The feed stream portions discharged from the channels of the first honeycomb section are not collected and recombined into a single feed stream for mixing, as in a conventional mixing section, but are instead conveyed directly into the second catalyst section. At that point, due to the lateral channel offset provided between the first and second honeycomb sections as above described, each of at least a majority of the feed stream portions emptying into the second catalyst section will be separated into smaller, subdivided feed stream portions. Where the honeycomb sections are in direct contact this separation will be caused by impingement of each feed stream portion upon one or more web segments forming the channel walls of the second section. The subdivided feed stream portions then pass with the subdivided feed streams from other upstream channels into the channels of the second honeycomb section for reaction against the channel walls thereof.

Apparent from the foregoing description is the fact that a reactant mixture flowing from the first catalyst section into the second catalyst section will be conveyed into the second section without any large-scale mass transfer of reactants in directions transverse to the common flow axis of the honeycombs. That is, since each of the feed stream portions that is subdivided at the inlet face of the second honeycomb section is constrained to empty only into a small collected set of channels (generally two, three or four adjoining channels) in the second catalyst section, only limited and controlled levels of turbulence and lateral intermixing will occur.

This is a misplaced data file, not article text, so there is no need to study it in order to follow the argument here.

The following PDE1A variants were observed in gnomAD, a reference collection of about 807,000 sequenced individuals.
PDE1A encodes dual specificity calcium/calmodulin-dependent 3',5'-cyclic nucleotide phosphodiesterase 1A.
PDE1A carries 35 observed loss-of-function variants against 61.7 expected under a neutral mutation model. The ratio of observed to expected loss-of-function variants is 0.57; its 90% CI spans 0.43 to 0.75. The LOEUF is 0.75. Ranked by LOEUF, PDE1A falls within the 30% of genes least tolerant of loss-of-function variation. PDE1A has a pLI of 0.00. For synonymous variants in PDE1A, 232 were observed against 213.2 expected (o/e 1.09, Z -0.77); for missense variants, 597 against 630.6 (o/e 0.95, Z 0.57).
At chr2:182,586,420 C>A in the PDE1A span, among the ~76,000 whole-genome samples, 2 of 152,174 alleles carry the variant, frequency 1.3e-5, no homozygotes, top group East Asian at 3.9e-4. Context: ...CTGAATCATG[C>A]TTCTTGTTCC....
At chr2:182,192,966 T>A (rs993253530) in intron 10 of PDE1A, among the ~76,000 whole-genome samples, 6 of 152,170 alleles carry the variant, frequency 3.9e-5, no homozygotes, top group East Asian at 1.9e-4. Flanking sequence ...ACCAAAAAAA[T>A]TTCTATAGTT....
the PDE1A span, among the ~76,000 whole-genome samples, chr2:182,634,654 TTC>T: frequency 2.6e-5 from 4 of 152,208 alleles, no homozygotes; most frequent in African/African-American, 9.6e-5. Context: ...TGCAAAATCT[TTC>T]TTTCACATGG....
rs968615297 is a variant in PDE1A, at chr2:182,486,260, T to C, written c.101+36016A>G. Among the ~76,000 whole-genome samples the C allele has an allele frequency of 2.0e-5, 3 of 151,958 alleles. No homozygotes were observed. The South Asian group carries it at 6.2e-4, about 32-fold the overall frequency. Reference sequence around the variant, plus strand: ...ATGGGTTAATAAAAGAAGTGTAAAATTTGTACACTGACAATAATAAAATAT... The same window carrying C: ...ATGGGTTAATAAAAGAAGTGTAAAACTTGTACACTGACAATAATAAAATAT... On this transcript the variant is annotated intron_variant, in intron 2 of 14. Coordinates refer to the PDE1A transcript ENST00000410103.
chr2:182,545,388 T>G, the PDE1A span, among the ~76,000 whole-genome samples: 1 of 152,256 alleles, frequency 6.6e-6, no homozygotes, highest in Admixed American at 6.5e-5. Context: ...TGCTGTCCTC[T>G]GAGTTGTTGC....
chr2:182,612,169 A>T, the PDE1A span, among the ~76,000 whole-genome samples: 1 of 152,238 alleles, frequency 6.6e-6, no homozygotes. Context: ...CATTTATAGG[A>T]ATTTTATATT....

After passage through, and reaction within, the channels of the second catalyst section, the reacted feed streams may be merged into a collected stream for recirculation through the catalyst bed or discharged from the reactor. In axial flow arrangements, the collected stream may be further processed through other treating stages in downstream sections of the reactor prior to discharge, if desired.

Catalytic conversion processes carried out as above described are both economic and surprisingly efficient. An important advantage of this process is that levels of turbulence and intermixing effective to increase catalytic reactor efficiency are achieved without the need for separate flow distributors or mixers between the honeycomb catalyst stages within the reactor. Thus a good initial distribution of reactants into the first honeycomb section can be maintained throughout the entire length of following catalyst sections, if the sections are arranged in flow-connected relationship as hereinabove described.


The invention may be further understood by reference to the drawings, wherein:

FIGS. 1 and 2 schematically illustrate prior art arrangements for positioning honeycomb catalysts within a reactor; and

FIGS. 3 and 4 schematically illustrate one honeycomb catalyst arrangement providing improved reaction efficiency in accordance with the invention;

FIG. 5 schematically illustrates a second honeycomb catalyst arrangement providing improved reaction efficiency in accordance with the invention;

FIGS. 6 and 7 are graphs illustrating the effects of honeycomb catalyst rearrangement on catalytic activity; and

FIGS. 8 and 9 schematically illustrate additional honeycomb catalyst arrangements providing improved reaction efficiency in accordance with the invention.


Chemical reactor technologies employing honeycomb monoliths are of particular interest for co-current gas-liquid flow processes wherein the gas and the liquid components of a reactant feed stream are conveyed in the same direction through the catalyst bed within the reactor core. The direction of co-current flow, whether upwardly is or downwardly through the reactor, is generally carried out in a flow regime which leads to high mass transfer coefficients in the monolithic structure. The reactors employed may be recirculating or batch-type reactors or, more typically, axial flow reactors wherein the chemical feed stream to be processed is conveyed into the reactor, conveyed along an axial flowpath through the catalyst bed, and discharged from the reactor or processed through downstream reactor stages for further treatment.